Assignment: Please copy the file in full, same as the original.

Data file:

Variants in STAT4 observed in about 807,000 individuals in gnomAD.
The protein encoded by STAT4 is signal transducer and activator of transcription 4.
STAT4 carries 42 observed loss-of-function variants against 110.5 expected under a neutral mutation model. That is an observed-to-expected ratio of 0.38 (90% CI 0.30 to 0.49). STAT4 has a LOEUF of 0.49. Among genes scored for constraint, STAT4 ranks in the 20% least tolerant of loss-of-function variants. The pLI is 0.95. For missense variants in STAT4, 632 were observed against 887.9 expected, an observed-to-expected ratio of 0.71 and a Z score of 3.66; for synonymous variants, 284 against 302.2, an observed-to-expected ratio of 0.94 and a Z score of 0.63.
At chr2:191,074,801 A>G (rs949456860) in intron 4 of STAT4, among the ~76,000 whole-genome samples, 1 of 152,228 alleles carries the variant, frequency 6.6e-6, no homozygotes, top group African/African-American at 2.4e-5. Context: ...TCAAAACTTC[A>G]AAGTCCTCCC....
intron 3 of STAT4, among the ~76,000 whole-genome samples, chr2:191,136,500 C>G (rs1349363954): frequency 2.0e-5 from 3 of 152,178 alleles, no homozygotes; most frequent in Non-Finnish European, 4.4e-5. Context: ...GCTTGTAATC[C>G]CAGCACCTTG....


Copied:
Variants in STAT4 observed in about 807,000 individuals in gnomAD.
The protein encoded by STAT4 is signal transducer and activator of transcription 4.
STAT4 carries 42 observed loss-of-function variants against 110.5 expected under a neutral mutation model. That is an observed-to-expected ratio of 0.38 (90% CI 0.30 to 0.49). STAT4 has a LOEUF of 0.49. Among genes scored for constraint, STAT4 ranks in the 20% least tolerant of loss-of-function variants. The pLI is 0.95. For missense variants in STAT4, 632 were observed against 887.9 expected, an observed-to-expected ratio of 0.71 and a Z score of 3.66; for synonymous variants, 284 against 302.2, an observed-to-expected ratio of 0.94 and a Z score of 0.63.
At chr2:191,074,801 A>G (rs949456860) in intron 4 of STAT4, among the ~76,000 whole-genome samples, 1 of 152,228 alleles carries the variant, frequency 6.6e-6, no homozygotes, top group African/African-American at 2.4e-5. Context: ...TCAAAACTTC[A>G]AAGTCCTCCC....
intron 3 of STAT4, among the ~76,000 whole-genome samples, chr2:191,136,500 C>G (rs1349363954): frequency 2.0e-5 from 3 of 152,178 alleles, no homozygotes; most frequent in Non-Finnish European, 4.4e-5. Context: ...GCTTGTAATC[C>G]CAGCACCTTG....